"It’s about businesses recognizing that industry and ecology are inherently connected. It’s about realizing the positive effects of connecting businesses, consumers and nonprofits through philanthropy. And it’s about understanding that the true cost of doing business can be mitigated by a simple pledge to the planet."

Utilizing our social networking skills is crucial to winning the contest, so what better ways to encourage hits than to blog about it, tweet about it, and Facebook it? Not only do we win some pretty excellent swag from 1% FTP's member companies, but we are able to spread the word about the importance of giving back to our earth, a planet that has provided us with so much. Check out the video; the images are sublime and the song, "Sunshine" by Matt Costa, is a definite feel-good tune. Below is the video. After you watch it and if you feel inspired, ask your employer if they're giving back to the planet. If they aren't, challenge them to!


Black Friday-Hot or Not?

Traditionally each day after Thanksgiving, Black Friday, has generated billions of dollars for retail stores and brings throngs of crowds to shopping malls and stores across America. Unfortunately, I've participated in the madness (however, I've never been one of those shoving, pushing, waiting in line at 3:00 AM Black Friday extremists).

Photo Credit: NY Times shoppers in line at Macy's

Yesterday, Friday November 28th I was on the East Coast visiting my Italian family in Clarksburg, West Virginia and decided to brave the storm and head to the mall. Part of me was curious with the current economic downfall, I wanted to see from a statistics point-of-view, if as many people would still show and how much money was being generated. From my perspective, the mall was pretty packed and it was more than I expected to see. People were running around with their arms filled with bags and I even heard of a fight in the line at Target over who got checked out first. It seemed people were still feeling pretty hot about Black Friday.

Then I did a little research. An article from The Guardian notes that the US shopping season got a lukewarm start. Britt Beemer of America's Research Group said on Friday that he saw shoppers carrying 25 to 40 percent fewer bags this year. "If the item was there, they bought it. If it wasn't there, they left," said Beemer, calling this year's customer a "hit-and-run shopper." I definitely would call myself a hit-and-run shopper, my patience is low and if I wasn't brand loyal, then I was out if the item wasn't there. On the other side, Forbes said shoppers came out, and although timid, the traffic was better than expected.

Nonetheless, U.S. holiday sales had been projected to climb only 2.2%, according to the National Retail Federation, which is the weakest gain in six years.

Did you participate in Black Friday? What about the horrible tragedies at Wal-Mart and Toys R' Us, that give us as Americans bad names for our greedy consumerism habits? Share your thoughts...was it hot or not?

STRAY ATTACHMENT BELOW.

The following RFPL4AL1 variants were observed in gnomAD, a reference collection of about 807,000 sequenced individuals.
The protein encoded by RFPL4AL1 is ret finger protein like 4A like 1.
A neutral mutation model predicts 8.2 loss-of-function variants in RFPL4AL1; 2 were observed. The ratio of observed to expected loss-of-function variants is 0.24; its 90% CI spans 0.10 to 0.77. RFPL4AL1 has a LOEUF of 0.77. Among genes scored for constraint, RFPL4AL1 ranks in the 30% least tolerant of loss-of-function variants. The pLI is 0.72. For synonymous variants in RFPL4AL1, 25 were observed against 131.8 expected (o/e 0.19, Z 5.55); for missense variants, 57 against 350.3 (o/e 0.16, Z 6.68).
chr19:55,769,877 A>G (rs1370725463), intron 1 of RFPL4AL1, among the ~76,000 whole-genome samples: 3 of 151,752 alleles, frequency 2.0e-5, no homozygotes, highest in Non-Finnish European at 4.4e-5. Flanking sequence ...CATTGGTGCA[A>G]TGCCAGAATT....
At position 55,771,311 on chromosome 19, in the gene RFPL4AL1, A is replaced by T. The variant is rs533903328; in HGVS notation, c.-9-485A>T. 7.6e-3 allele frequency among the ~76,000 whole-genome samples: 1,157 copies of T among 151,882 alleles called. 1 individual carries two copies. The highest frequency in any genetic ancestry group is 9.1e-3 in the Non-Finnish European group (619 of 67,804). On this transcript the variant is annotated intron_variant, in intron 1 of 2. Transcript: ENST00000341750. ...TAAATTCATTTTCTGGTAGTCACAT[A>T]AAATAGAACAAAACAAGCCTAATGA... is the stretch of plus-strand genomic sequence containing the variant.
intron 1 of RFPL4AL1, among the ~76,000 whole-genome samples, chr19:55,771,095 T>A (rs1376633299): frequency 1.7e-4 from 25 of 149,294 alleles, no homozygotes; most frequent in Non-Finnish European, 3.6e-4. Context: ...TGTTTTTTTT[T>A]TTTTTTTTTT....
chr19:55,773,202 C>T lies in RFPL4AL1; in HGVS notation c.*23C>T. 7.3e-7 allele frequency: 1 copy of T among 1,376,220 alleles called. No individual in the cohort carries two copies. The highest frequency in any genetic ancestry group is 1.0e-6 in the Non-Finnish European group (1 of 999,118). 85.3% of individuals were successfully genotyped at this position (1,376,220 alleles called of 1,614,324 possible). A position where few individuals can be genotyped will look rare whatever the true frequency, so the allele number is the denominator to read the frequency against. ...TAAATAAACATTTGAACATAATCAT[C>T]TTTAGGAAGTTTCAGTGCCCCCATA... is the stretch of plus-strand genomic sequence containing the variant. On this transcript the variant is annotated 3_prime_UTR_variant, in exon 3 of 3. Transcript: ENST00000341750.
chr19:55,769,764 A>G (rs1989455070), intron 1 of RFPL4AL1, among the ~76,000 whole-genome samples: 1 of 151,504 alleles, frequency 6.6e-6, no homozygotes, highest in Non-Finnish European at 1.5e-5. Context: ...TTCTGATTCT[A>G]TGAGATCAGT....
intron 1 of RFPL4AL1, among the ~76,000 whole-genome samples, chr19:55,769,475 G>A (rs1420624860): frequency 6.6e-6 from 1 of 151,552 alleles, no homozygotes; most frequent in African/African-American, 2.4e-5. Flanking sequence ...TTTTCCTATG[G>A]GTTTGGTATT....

How To Ease Your Holiday Traveling Woes

Since the last five years I haven't been within driving range of my home, I've always flown for the Thanksgiving and Christmas holiday. Coming from the East Coast I almost always connected in O'Hare which means I almost always had a horrible experience, whether it be lost bags, snowy weather or canceled flights. I keep track of the New York Times' Practical Traveler for tips on new advances in eliminating the holiday traveling woes. Their recent article, "Be Ready, and Avoid Holiday Delays," has some great new sites for help and insight. Here are just a few of them:
Photo courtesy ABC News

-On November 20th, the Transportation Security Administration implemented "family lanes" at security checkpoints across 48 airports. I like the idea of this because it helps families and travelers with special needs to get through security on their own time (I hate seeing families with screaming babies already stressed out, having to be rushed through the line). This also means other travelers (i.e. me) will experience a speedier and more streamlined security line.

-Another service I use are the flight status alerts. A great one is, which let travelers know if a gate or flight time has changed via e-mail or text message. Also, the iPhone has a Flight Status app for $4.99 from Apple’s iTunes App Store for the status of thousands of flights, as well as the arrival gates and baggage carousels.

-Another personal favorite is This helps to avoid long lines at the airport because it lists average waiting times for security checkpoints at all airports. says that Nationwide, 4.54 million travelers are expected to fly this weekend, compared with 4.89 million last year, a 7.2 percent decrease. So although travel on the busiest travel weekend of the year is expected to be lighter, delays and crowded airports will still be prevalent. I hope these tools and sites make your traveling a little easier and if you have other ideas or tips, please share.

I hope you have a happy Thanksgiving!


Why Geeks, Nerds (and Dorks) are worth it...

Listen up ladies. I'm not writing a Sex and the City column or anything, but I've had my share of dating mishaps (yes, one guy actually brought me to meet his entire family on the first date!?). With that being said, I came across a humorous article on the Best of Craigslist from the SF Bay area titled, "Why Geeks and Nerds are Worth It..."